Veteran New Caledonian pro-independence politician Roch Wamytan says he will denounce the suggestion of partitioning the territory at the United Nations.
An anti-independence politician Pierre Frogier has suggested that New Caledonia could do away with its central government and let the three provinces deal with Paris directly.
Mr Wamytan is the president of New Caledonia's Congress and Mr Frogier is a former president and now member of the French Senate.
They are both signatories to the 1998 Noumea Accord, which explicitly excludes the option of dividing New Caledonia.
Mr Wamytan told the Nouvelles Caledoniennes that the idea of breaking up the territory was mooted by France three decades ago but only now articulated by Mr Frogier.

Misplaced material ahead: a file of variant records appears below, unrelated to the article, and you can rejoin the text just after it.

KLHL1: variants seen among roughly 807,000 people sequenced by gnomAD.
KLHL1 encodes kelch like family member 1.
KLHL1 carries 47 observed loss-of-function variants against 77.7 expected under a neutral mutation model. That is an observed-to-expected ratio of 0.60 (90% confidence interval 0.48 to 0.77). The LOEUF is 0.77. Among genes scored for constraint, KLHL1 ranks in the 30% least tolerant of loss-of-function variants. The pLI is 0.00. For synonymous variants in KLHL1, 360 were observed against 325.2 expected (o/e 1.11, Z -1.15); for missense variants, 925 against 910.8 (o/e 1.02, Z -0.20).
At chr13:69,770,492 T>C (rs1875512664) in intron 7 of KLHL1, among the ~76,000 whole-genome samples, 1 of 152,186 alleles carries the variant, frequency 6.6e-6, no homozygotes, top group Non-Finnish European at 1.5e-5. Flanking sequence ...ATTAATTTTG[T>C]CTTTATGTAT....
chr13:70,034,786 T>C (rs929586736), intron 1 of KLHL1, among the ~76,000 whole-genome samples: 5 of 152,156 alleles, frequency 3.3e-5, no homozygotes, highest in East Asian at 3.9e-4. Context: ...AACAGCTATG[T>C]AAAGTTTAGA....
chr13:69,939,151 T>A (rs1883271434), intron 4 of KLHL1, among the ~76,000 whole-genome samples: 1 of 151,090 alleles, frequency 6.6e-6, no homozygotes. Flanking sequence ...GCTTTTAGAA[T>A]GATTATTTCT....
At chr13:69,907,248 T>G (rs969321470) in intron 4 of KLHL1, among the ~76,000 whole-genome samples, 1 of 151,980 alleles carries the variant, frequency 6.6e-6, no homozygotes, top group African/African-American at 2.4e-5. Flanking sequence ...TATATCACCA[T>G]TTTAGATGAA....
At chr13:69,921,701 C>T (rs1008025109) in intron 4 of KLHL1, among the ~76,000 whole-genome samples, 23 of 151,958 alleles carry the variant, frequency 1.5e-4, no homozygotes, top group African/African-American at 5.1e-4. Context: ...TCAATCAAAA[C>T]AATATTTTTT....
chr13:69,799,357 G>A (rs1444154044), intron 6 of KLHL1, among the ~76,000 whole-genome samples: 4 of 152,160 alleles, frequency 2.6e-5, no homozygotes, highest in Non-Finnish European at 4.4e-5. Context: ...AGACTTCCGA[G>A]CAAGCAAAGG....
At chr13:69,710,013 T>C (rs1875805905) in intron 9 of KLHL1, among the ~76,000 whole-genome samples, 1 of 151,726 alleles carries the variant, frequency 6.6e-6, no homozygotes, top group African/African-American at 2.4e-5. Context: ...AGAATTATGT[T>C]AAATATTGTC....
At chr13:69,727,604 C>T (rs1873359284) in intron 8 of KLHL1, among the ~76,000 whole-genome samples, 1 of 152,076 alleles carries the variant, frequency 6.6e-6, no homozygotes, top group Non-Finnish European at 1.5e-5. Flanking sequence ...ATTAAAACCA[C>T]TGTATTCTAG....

Mr Frogier said the differences between the pro and anti-independence provinces were now so pronounced that there were two Caledonias, which he said would refuse to submit to the outcome of the independence referendum process.
Mr Wamytan has denounced Mr Frogier's comments, saying New Caledonia is one country and not three.
He also said France would not be allowed to repeat what it did with the Comoros.
At independence from France in 1974, Paris split the archipelago and kept Mayotte which has since become a French department and part of the eurozone.
Mr Wamytan said it was a French strategy to stay in Melanesia because of the Pacific's importance.